When this lens finally arrived at our lab, several of our most senior lens specialists unboxed it and sat there wowing at the feel in the hands. From the buttery smooth rotation of the tripod collar to the professional-grade zoom rotation, reassuringly stiff yet very smooth as well, it was clear before we'd even attached the lens to a body that we were holding something well-built. The rotating tripod collar works similarly to the one found on the Fuji XF 50-140mm lens we reviewed for you last year, and it comes in quite handy for times you'd like to rotate from landscape to portrait orientation on the fly when using a tripod.
The Fujinon 100-400mm WR appears at first glance like it will weigh more than it actually does. It's not light of course, but nor is it as heavy as I'd expected. At just over 3 lbs or about 1.4 kg, it's roughly double the weight of the Fuji X-T1 with the battery grip attached, so that's a grand total of 4.5 lbs or 2 kg for the whole rig. This is a weight that I grew accustomed to fairly quickly, and given the 609mm equivalent reach I often appreciated it for the stability that it provided during handheld shooting. And speaking of the battery grip, you will for sure want to have one attached while shooting with this lens! The added weight and stability, combined with the portrait-shooting ease and the extra battery, superbly round out this overall package.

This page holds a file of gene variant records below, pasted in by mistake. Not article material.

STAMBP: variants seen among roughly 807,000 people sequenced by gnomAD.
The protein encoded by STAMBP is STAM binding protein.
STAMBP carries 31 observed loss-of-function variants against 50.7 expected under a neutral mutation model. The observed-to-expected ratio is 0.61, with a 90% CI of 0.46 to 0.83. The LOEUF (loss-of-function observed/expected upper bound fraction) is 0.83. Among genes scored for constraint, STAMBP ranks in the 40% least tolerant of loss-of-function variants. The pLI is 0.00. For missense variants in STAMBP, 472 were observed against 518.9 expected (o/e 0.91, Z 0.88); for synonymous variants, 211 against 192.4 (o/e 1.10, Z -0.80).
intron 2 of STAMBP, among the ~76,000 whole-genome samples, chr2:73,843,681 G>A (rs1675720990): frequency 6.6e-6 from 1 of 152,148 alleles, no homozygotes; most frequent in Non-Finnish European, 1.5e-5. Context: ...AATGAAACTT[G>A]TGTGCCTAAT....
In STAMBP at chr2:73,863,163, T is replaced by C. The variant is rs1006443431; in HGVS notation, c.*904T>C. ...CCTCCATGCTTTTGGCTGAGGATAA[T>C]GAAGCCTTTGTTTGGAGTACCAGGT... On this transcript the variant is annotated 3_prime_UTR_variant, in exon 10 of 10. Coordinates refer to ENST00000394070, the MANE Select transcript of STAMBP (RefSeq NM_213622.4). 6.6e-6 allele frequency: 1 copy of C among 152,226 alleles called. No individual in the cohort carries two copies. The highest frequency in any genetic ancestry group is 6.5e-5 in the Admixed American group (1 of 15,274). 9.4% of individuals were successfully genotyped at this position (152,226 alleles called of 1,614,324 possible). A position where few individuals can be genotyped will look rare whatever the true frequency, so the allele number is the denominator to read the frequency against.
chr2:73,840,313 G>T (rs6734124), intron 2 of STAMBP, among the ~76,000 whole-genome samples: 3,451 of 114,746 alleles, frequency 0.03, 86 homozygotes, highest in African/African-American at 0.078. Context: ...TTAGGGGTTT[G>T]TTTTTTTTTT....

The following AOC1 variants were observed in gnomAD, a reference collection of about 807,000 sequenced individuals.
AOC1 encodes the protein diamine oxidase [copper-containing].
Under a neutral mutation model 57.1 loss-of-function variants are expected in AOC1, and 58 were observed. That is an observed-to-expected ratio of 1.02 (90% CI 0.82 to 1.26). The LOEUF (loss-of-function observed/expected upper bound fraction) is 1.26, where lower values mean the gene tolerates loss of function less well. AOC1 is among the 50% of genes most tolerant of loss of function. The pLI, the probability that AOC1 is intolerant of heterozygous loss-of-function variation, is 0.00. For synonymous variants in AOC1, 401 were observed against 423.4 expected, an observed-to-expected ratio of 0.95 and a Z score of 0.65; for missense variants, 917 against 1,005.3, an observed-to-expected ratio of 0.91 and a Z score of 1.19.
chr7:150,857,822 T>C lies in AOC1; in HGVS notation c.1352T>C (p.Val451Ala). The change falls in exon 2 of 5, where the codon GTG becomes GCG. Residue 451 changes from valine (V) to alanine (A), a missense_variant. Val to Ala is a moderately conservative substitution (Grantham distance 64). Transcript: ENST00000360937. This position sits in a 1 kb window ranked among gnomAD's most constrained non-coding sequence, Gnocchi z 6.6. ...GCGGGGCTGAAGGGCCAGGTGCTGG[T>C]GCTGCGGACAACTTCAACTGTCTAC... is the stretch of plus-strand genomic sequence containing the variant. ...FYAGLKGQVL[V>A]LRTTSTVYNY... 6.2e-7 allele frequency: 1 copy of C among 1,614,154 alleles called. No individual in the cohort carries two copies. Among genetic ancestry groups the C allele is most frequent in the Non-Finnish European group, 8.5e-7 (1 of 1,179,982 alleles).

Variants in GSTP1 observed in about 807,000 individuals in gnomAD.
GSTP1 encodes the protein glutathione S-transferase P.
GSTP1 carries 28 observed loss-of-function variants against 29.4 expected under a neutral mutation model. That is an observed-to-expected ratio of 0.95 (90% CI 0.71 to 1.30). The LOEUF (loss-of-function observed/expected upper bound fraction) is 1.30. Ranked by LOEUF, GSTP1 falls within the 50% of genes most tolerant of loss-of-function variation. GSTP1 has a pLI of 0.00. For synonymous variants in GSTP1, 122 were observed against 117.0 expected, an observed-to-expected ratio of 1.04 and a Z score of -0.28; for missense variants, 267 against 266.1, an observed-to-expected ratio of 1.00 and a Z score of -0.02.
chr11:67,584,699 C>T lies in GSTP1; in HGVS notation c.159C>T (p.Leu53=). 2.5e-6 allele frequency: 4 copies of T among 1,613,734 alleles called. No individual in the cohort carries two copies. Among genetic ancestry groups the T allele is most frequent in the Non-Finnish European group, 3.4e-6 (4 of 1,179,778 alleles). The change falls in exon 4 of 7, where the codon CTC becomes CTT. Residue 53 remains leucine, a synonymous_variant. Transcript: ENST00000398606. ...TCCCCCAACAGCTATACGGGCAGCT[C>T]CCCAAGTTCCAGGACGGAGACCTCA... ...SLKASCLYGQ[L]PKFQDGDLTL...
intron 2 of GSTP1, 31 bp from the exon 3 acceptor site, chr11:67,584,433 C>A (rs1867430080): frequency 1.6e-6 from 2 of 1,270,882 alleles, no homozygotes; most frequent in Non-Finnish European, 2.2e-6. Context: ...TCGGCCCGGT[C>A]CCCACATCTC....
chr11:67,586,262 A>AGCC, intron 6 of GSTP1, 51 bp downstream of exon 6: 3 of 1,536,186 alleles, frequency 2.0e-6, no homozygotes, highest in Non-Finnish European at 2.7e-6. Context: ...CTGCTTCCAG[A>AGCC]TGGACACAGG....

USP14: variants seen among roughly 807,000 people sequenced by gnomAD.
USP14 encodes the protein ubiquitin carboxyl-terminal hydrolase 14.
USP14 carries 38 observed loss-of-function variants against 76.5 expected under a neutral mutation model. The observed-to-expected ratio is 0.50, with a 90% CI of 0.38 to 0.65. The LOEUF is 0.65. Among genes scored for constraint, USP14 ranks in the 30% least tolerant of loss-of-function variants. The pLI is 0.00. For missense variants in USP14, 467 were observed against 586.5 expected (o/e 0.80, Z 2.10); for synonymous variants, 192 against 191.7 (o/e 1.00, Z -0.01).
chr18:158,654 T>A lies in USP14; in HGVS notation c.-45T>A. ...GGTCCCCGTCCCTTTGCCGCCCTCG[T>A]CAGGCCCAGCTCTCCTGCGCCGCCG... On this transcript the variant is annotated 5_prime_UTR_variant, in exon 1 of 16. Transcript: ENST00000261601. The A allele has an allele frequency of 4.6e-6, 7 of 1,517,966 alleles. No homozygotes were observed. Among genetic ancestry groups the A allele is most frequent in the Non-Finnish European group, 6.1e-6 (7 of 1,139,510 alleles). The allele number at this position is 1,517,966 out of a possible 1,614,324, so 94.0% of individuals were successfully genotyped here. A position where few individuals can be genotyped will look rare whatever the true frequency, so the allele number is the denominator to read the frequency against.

The Fujinon XF 100-400mm WR OIS shown at 100mm without lens hood
The Fujinon XF 100-400mm WR OIS shown at 400mm with lens hood
The actual 35mm equivalent zoom range for this lens is 152mm-609mm when mounted on the X-T1, with a maximum available aperture spanning from f/4.5 at wide angle to f/5.6 at full telephoto range. (Note: EXIF data reports the range as 150mm-600mm.) Fuji claims 5 stops of compensation is provided by the optical image stabilization (OIS) system, so I decided to shoot this entire initial gallery handheld and across a variety of shutter speeds and subjects in order to give you a good idea of what to expect from your own handheld shooting experiences. With a current street price at the full MSRP of US$1,899, this is certainly not an inexpensive lens, but nor is this an ordinary lens by any stretch of the imagination.